Facebook has quietly changed its privacy standards for closed groups to eliminate the option of manually viewing members’ private information and after it threatened legal action, a Chrome extension that made it possible to download the details of all group members at once has been shuttered. But the question of why this was possible in the first place still lingers.
According to CNBC, the privacy loophole was still in place as recently as last month. It came to the outlet’s attention through the story of Andrea Downing, a moderator for a closed group that provides a gathering place for women who have a particular gene mutation (BRCA) that puts them at higher risk of breast cancer. From the report:
Downing said women who join the BRCA Sisterhood Facebook group are often dealing with private issues that make them feel vulnerable, and social media had offered an inviting way to share their stories intimately with other women experiencing the same concerns. Privacy has always been top-of-mind for the Sisterhood community and other groups and others that cater toward BRCA-positive women, she said, because members post pictures of surgical procedures and share private stories of their experiences managing the health matter.
Downing grew concerned about the privacy of group members when she discovered an extension for the Chrome web browser called Grouply.io, which she saw could allow her to easily download names, employers, locations, email addresses and other personal details of all 9,000 people who had signed up for the group.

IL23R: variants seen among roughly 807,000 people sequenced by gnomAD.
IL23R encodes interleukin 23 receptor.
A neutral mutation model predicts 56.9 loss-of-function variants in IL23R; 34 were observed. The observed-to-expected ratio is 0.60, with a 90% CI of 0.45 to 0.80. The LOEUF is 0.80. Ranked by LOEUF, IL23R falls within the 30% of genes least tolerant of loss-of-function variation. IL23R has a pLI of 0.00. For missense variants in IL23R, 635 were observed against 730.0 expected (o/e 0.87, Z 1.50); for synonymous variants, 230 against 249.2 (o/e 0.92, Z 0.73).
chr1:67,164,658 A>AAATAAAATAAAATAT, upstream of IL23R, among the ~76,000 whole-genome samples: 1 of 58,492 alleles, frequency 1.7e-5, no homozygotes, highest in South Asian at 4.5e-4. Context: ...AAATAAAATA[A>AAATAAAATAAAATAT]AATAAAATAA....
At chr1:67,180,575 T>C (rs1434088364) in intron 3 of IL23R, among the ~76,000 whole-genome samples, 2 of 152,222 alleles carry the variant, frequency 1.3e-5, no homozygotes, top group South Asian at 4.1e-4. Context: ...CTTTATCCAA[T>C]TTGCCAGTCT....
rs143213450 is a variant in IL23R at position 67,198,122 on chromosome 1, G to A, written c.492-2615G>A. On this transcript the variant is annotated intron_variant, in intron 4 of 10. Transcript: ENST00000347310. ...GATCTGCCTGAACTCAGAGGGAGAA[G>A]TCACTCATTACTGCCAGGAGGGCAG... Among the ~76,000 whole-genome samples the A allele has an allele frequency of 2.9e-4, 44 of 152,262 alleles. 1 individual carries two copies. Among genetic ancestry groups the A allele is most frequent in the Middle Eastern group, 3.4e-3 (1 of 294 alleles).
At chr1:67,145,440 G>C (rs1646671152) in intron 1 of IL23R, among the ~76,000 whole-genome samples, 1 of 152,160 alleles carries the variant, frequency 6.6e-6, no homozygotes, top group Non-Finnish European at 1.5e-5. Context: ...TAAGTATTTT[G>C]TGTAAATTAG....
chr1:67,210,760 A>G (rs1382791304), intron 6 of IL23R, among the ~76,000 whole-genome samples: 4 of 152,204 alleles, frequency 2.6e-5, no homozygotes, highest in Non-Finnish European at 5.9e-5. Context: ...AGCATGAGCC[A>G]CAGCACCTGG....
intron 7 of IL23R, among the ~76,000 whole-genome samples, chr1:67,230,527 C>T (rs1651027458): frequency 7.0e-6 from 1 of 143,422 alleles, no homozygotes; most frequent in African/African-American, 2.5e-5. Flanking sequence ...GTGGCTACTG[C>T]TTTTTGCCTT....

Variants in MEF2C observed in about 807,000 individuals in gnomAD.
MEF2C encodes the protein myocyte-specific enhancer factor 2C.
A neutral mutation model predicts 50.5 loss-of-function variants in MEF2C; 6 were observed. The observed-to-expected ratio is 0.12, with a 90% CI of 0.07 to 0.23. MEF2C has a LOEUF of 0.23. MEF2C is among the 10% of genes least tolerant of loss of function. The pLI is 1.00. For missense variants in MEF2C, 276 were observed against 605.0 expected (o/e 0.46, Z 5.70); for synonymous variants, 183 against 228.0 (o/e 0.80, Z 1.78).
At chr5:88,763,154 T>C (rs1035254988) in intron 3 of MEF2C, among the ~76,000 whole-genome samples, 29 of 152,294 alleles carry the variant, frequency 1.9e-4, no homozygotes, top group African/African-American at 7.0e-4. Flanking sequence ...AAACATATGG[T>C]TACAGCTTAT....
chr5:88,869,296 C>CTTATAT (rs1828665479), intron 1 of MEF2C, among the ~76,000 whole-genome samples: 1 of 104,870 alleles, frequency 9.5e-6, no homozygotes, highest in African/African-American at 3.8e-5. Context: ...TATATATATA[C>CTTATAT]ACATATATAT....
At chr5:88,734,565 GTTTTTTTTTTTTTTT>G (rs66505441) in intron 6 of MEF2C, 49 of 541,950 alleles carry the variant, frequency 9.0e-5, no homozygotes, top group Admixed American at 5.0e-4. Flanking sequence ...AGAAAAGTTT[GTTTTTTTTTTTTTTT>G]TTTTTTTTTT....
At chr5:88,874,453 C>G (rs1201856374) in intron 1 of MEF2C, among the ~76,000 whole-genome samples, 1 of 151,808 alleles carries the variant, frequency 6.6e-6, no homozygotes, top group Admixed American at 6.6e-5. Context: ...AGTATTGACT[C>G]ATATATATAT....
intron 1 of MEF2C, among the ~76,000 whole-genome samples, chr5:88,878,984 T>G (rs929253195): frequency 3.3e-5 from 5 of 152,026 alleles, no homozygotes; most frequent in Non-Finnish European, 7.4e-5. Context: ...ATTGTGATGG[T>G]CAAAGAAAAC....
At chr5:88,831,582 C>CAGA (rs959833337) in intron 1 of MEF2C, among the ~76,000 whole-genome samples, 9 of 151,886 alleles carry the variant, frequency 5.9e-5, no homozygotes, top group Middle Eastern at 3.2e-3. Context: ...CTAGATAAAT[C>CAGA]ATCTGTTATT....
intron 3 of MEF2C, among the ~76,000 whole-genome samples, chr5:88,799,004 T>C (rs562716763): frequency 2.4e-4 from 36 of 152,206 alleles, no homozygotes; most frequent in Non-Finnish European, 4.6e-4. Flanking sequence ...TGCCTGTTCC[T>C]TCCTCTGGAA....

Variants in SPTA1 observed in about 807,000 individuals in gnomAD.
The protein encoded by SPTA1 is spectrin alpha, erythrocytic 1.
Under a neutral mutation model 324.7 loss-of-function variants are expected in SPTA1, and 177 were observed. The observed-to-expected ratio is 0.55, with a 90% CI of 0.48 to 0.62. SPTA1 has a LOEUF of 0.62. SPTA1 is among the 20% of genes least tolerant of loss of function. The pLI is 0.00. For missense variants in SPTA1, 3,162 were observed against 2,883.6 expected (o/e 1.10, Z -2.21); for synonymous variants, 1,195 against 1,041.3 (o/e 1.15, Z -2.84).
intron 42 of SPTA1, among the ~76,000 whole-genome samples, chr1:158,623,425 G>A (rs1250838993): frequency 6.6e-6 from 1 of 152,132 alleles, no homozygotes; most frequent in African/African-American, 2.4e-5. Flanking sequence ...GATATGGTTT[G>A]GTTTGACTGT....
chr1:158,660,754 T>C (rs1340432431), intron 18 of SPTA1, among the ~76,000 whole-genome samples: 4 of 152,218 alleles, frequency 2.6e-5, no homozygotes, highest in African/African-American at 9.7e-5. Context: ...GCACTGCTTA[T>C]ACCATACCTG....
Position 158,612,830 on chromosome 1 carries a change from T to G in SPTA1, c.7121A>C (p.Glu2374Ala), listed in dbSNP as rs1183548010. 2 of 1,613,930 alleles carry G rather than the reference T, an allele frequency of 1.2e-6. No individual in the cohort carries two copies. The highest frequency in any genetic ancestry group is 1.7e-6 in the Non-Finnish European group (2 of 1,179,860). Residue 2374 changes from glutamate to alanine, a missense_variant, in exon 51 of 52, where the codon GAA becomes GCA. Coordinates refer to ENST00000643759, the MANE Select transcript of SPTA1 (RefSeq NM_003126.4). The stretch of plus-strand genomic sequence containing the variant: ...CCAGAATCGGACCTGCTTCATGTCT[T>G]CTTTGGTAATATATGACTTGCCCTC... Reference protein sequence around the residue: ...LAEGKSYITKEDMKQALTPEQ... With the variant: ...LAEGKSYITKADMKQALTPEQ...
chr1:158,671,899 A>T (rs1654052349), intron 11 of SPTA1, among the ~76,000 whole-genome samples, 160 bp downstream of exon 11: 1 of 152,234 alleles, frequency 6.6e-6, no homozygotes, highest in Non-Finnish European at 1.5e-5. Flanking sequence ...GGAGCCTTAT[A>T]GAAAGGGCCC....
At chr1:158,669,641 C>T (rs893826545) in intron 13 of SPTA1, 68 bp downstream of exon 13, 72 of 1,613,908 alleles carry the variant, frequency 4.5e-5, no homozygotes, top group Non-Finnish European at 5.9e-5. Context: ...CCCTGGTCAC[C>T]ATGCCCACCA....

Though members’ personal expectation of privacy is enough to cause concern, Downing also had very real concerns about members potentially being discriminated against by insurers or targeted by other corporate interests. She reached out to Fred Trotter, a security researcher who focuses on healthcare data, to get a professional opinion on whether she should be worried.
Trotter confirmed her fears that the Grouply extension was designed for marketers to quickly scoop up members’ private details like names, employers, locations, and email addresses. A user of the extension would still have to gain membership to the group, according to online how-to guides.
The Grouply app is no longer available, and all information has been scrubbed from its website. No one from the company responded to our request for comment.
In late May, Trotter contacted Facebook about the issue, and a month later he received a response that explained it is possible to manually view members of private groups, but the ability to download the full list with personal details was not one of Facebook’s features—even though the feature was available to third parties like Grouply. The response read in part:
Our Groups team has been exploring potential changes related to group membership and privacy controls for groups, with the goal of understanding whether providing different options can better align the controls with the expectations of group administrators and members. That work is ongoing and may lead to changes that address some of your concerns going forward.
On June 26, the group expressed their concerns with Facebook’s response; three days later, the company’s policy had changed.
We reached out to Facebook to ask exactly when its approach to private groups changed, why this was a feature in the first place, and if it had notified the public about the change in any way. We did not receive an immediate reply, but a spokesperson did tell CNBC that the decision was made based on “several factors,” but that the BRCA Sisterhood Facebook group wasn’t one of them.
The combination of users being unaware of their privacy risks on Facebook and the companies permissive approach to third-party access to data is a constant issue. The fact that private groups can’t even have a reasonable expectation of privacy is a particularly effective demonstration of the level of trust users should hand over to the network.